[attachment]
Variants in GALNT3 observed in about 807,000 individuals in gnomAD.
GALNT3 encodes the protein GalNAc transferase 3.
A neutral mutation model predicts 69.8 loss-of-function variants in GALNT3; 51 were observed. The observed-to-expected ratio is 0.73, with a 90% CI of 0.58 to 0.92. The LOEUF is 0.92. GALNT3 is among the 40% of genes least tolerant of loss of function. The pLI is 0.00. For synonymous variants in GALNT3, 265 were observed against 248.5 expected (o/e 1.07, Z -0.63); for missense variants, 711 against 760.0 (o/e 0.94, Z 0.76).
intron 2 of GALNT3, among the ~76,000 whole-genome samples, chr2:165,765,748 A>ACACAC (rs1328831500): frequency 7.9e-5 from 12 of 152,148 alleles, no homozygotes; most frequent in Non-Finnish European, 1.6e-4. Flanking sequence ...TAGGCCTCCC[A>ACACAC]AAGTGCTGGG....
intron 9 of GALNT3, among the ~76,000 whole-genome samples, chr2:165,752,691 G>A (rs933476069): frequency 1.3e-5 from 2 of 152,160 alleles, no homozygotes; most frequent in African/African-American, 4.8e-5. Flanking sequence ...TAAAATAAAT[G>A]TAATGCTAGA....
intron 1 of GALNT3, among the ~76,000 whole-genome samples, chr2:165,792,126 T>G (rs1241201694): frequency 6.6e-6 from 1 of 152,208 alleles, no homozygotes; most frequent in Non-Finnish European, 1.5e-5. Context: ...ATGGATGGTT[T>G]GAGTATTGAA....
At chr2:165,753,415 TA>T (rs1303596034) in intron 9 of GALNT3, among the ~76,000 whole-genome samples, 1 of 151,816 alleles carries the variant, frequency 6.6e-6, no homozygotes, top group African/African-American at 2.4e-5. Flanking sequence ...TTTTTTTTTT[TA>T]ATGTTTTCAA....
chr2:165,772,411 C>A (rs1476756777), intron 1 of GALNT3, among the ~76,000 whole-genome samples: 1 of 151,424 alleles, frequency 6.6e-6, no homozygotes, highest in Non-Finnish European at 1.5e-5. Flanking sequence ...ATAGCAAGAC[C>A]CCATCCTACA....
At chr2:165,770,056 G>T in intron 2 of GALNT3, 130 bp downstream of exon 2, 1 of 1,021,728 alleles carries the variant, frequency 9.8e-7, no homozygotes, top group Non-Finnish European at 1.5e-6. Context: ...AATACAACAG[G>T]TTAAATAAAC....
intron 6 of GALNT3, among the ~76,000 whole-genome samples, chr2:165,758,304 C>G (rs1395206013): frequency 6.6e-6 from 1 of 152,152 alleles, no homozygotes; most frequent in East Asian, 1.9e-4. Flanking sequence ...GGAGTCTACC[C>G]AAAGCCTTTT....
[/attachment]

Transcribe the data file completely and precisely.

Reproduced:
Variants in GALNT3 observed in about 807,000 individuals in gnomAD.
GALNT3 encodes the protein GalNAc transferase 3.
A neutral mutation model predicts 69.8 loss-of-function variants in GALNT3; 51 were observed. The observed-to-expected ratio is 0.73, with a 90% CI of 0.58 to 0.92. The LOEUF is 0.92. GALNT3 is among the 40% of genes least tolerant of loss of function. The pLI is 0.00. For synonymous variants in GALNT3, 265 were observed against 248.5 expected (o/e 1.07, Z -0.63); for missense variants, 711 against 760.0 (o/e 0.94, Z 0.76).
intron 2 of GALNT3, among the ~76,000 whole-genome samples, chr2:165,765,748 A>ACACAC (rs1328831500): frequency 7.9e-5 from 12 of 152,148 alleles, no homozygotes; most frequent in Non-Finnish European, 1.6e-4. Flanking sequence ...TAGGCCTCCC[A>ACACAC]AAGTGCTGGG....
intron 9 of GALNT3, among the ~76,000 whole-genome samples, chr2:165,752,691 G>A (rs933476069): frequency 1.3e-5 from 2 of 152,160 alleles, no homozygotes; most frequent in African/African-American, 4.8e-5. Flanking sequence ...TAAAATAAAT[G>A]TAATGCTAGA....
intron 1 of GALNT3, among the ~76,000 whole-genome samples, chr2:165,792,126 T>G (rs1241201694): frequency 6.6e-6 from 1 of 152,208 alleles, no homozygotes; most frequent in Non-Finnish European, 1.5e-5. Context: ...ATGGATGGTT[T>G]GAGTATTGAA....
At chr2:165,753,415 TA>T (rs1303596034) in intron 9 of GALNT3, among the ~76,000 whole-genome samples, 1 of 151,816 alleles carries the variant, frequency 6.6e-6, no homozygotes, top group African/African-American at 2.4e-5. Flanking sequence ...TTTTTTTTTT[TA>T]ATGTTTTCAA....
chr2:165,772,411 C>A (rs1476756777), intron 1 of GALNT3, among the ~76,000 whole-genome samples: 1 of 151,424 alleles, frequency 6.6e-6, no homozygotes, highest in Non-Finnish European at 1.5e-5. Flanking sequence ...ATAGCAAGAC[C>A]CCATCCTACA....
At chr2:165,770,056 G>T in intron 2 of GALNT3, 130 bp downstream of exon 2, 1 of 1,021,728 alleles carries the variant, frequency 9.8e-7, no homozygotes, top group Non-Finnish European at 1.5e-6. Context: ...AATACAACAG[G>T]TTAAATAAAC....
intron 6 of GALNT3, among the ~76,000 whole-genome samples, chr2:165,758,304 C>G (rs1395206013): frequency 6.6e-6 from 1 of 152,152 alleles, no homozygotes; most frequent in East Asian, 1.9e-4. Flanking sequence ...GGAGTCTACC[C>G]AAAGCCTTTT....